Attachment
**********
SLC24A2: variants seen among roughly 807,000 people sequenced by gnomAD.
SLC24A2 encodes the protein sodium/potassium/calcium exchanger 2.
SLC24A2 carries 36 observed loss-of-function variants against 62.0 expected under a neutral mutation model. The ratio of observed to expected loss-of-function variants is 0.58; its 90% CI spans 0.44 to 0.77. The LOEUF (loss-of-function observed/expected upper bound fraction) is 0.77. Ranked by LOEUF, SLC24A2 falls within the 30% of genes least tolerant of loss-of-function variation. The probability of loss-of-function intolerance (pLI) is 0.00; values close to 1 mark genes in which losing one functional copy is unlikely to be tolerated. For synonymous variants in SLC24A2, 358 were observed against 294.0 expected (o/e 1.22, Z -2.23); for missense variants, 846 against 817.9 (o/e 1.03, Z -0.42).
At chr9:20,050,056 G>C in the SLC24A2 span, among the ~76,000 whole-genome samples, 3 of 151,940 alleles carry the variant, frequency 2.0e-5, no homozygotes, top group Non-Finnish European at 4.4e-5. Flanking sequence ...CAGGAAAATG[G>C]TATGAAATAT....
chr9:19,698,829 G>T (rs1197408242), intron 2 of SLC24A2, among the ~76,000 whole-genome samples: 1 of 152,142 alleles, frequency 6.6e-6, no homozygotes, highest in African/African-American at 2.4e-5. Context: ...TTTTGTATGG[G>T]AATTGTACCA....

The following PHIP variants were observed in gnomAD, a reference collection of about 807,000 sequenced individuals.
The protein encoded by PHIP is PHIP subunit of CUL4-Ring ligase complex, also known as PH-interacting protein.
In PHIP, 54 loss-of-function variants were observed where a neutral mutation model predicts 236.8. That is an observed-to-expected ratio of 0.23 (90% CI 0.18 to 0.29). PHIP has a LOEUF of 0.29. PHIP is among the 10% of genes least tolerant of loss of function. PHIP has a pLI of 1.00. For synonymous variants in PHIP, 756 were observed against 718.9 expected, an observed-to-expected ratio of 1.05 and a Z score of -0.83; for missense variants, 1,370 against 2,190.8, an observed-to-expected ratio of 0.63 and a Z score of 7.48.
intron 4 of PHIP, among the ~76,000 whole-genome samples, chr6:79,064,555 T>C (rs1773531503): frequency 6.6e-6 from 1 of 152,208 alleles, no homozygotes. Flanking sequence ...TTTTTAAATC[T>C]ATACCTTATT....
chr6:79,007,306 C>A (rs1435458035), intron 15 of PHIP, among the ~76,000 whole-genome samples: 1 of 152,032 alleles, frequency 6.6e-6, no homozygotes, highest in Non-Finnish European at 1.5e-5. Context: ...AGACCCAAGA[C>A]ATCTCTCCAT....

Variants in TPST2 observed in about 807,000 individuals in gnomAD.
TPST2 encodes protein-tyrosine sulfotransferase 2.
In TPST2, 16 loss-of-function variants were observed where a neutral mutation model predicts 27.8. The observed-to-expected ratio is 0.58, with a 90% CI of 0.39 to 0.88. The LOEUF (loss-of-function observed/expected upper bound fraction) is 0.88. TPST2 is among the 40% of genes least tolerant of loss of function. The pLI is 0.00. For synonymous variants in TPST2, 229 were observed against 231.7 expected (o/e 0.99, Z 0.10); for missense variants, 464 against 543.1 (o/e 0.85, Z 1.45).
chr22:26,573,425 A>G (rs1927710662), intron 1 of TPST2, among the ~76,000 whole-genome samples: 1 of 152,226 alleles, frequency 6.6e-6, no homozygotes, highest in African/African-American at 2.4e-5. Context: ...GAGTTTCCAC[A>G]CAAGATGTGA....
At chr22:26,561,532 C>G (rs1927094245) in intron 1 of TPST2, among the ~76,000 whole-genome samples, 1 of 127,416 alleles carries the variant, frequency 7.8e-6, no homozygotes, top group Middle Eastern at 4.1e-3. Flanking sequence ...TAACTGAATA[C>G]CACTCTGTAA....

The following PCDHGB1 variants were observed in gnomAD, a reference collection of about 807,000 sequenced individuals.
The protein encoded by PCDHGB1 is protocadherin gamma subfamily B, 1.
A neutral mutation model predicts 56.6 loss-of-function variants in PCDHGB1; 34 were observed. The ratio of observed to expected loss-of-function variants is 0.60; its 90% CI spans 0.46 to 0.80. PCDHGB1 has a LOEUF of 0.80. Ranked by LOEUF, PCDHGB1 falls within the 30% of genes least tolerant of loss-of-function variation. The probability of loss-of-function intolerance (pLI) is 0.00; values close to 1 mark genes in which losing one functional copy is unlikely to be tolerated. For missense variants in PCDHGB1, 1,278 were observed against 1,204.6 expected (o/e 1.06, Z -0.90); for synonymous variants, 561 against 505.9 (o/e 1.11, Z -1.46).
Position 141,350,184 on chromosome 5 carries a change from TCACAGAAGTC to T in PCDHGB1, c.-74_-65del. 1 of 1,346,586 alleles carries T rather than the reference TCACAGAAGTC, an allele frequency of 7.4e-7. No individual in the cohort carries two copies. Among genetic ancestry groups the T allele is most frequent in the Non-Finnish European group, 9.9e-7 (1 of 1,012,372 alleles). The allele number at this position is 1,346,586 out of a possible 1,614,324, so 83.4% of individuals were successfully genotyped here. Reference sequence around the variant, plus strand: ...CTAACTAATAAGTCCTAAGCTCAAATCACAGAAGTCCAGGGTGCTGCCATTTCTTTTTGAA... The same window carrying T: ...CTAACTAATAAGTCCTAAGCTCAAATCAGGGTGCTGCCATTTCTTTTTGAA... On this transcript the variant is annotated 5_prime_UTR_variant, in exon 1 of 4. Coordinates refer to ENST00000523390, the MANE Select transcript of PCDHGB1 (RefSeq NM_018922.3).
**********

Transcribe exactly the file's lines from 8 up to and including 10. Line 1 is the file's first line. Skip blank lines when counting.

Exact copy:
In PHIP, 54 loss-of-function variants were observed where a neutral mutation model predicts 236.8. That is an observed-to-expected ratio of 0.23 (90% CI 0.18 to 0.29). PHIP has a LOEUF of 0.29. PHIP is among the 10% of genes least tolerant of loss of function. PHIP has a pLI of 1.00. For synonymous variants in PHIP, 756 were observed against 718.9 expected, an observed-to-expected ratio of 1.05 and a Z score of -0.83; for missense variants, 1,370 against 2,190.8, an observed-to-expected ratio of 0.63 and a Z score of 7.48.
intron 4 of PHIP, among the ~76,000 whole-genome samples, chr6:79,064,555 T>C (rs1773531503): frequency 6.6e-6 from 1 of 152,208 alleles, no homozygotes. Flanking sequence ...TTTTTAAATC[T>C]ATACCTTATT....
chr6:79,007,306 C>A (rs1435458035), intron 15 of PHIP, among the ~76,000 whole-genome samples: 1 of 152,032 alleles, frequency 6.6e-6, no homozygotes, highest in Non-Finnish European at 1.5e-5. Context: ...AGACCCAAGA[C>A]ATCTCTCCAT....